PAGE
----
Sculpture above: Basilica of Mary Magdalene at Vézelay – ‘the hanging of Judas and the Good Shepherd’.
At the top of the first capital on the right as you walk in, there us a sculpture few people know about, partly because of where it is: 20 metres from the ground. When seen close up, it is both striking and unsettling. One side depicts Judas hanging, with his tongue sticking out and surrounded by devils. But this is nothing new, there are many depictions of the apostle’s violent and dramatic suicide of the apostle who betrayed Jesus for 30 dinars. The surprise is to be found on the other side of the capital, which shows a man carrying Judas’ boy on his shoulders. This man has a strange expression on his face: half of his mouth communicates concern, while the other half is smiling. The man, a shepherd, is wearing a short tunic. It is the Good Shepherd carrying the lost sheep on his shoulders, the hundredth sheep, for which he left the other 99 behind. The artist has sculpted the scene and monk who inspired it wanted to depict something extreme, suggesting that Judas too was salvation.
I feel powerless to forgive – confides Father Goujon who suffered sexual abuse from a priest in his childhood. I’m not saying “unable” or “unwilling.” I say “helpless.” And speaking of his assailant he adds: I would like him to be allowed to discover his fault. (P. Goujon, Please do not abuse, p. 71-72)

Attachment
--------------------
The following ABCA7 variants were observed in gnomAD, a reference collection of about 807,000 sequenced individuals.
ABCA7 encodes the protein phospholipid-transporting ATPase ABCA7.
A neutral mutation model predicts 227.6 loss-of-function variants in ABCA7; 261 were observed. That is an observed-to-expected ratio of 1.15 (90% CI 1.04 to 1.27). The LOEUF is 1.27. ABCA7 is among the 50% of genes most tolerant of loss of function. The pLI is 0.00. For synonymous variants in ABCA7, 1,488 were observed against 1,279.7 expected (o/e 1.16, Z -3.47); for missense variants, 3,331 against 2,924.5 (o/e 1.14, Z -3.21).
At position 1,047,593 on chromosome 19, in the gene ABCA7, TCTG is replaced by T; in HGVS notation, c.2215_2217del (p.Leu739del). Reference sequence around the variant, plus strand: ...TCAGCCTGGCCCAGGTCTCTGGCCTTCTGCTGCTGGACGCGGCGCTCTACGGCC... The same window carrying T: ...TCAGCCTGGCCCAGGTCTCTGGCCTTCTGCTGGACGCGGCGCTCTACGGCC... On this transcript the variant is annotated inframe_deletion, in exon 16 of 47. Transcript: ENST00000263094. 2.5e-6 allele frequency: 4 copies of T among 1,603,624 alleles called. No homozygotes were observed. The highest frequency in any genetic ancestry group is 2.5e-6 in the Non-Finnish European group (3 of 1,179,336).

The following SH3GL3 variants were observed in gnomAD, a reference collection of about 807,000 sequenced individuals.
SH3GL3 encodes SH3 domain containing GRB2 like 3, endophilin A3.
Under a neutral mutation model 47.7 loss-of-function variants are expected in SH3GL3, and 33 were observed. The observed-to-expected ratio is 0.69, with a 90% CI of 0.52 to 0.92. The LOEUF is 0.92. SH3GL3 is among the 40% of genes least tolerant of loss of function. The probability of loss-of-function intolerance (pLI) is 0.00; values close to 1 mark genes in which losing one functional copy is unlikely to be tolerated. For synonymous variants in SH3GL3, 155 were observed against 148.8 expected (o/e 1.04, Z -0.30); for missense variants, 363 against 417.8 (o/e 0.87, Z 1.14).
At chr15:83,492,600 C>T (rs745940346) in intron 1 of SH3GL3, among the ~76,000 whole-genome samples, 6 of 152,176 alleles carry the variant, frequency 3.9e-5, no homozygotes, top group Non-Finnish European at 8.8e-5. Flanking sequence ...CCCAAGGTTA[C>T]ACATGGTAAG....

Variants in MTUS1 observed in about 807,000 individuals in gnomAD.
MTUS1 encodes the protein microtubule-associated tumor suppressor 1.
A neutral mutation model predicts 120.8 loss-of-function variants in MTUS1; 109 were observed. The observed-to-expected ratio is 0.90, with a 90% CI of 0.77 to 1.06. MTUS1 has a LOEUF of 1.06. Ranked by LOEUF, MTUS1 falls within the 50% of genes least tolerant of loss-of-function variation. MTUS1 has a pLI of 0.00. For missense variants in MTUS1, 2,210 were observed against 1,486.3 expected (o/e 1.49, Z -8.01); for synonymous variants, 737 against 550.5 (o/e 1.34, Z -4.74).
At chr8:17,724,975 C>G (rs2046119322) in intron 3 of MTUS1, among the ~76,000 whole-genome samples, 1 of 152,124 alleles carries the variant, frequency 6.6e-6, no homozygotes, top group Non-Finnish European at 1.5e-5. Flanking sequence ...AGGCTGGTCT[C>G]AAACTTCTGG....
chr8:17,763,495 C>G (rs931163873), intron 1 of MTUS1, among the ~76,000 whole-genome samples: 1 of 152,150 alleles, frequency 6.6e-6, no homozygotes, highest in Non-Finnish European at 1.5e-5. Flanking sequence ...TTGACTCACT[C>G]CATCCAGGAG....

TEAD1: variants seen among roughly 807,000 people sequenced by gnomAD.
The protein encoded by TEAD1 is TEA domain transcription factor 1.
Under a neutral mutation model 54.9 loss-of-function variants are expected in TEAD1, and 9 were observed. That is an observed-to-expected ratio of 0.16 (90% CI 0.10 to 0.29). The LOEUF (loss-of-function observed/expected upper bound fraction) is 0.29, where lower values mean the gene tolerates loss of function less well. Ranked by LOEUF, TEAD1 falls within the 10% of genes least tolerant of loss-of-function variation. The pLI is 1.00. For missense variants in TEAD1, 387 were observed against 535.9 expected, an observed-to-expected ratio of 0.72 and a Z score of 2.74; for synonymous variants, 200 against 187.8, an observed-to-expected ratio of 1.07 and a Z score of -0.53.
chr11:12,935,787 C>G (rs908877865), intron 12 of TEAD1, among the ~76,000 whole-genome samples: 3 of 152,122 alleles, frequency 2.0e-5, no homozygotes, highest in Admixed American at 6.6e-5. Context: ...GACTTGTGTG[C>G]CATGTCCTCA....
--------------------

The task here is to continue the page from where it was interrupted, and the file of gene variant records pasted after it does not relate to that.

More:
When I look at the capital, called ‘Of Judas’, I see this: a man who discovers his fault. And he doesn’t really know what to do with this discovery that weighs so much. He did the wrong and it is irreversible. For him the only way out is despair. He forgets that forgiveness exists. It might have been enough to lay down the too heavy burden with a humble confession of having been wrong, of regretting, of wanting to make amends… I put before you life or death, blessing or curse. Choose life! (Dt 30.19). He chooses death.
But the Christian hope inscribed in the stone of the basilica of Vézelay leads us beyond this choice which seemed definitive. A Brother catches up with the one who has despaired to the point of choosing death. What is happening there has nothing to do with a clean sweep that would indiscriminately erase the faults committed in the past. Christ, coming out of the abyss into which our faults have plunged him, takes on his shoulders all those he meets there. A meeting between the weight of evil and the weight of love. The weight of evil weighs heavy. But Easter reminds us every year that it is love that is the strongest.
Source: Sr Faustyna. Lettre de Jérusalem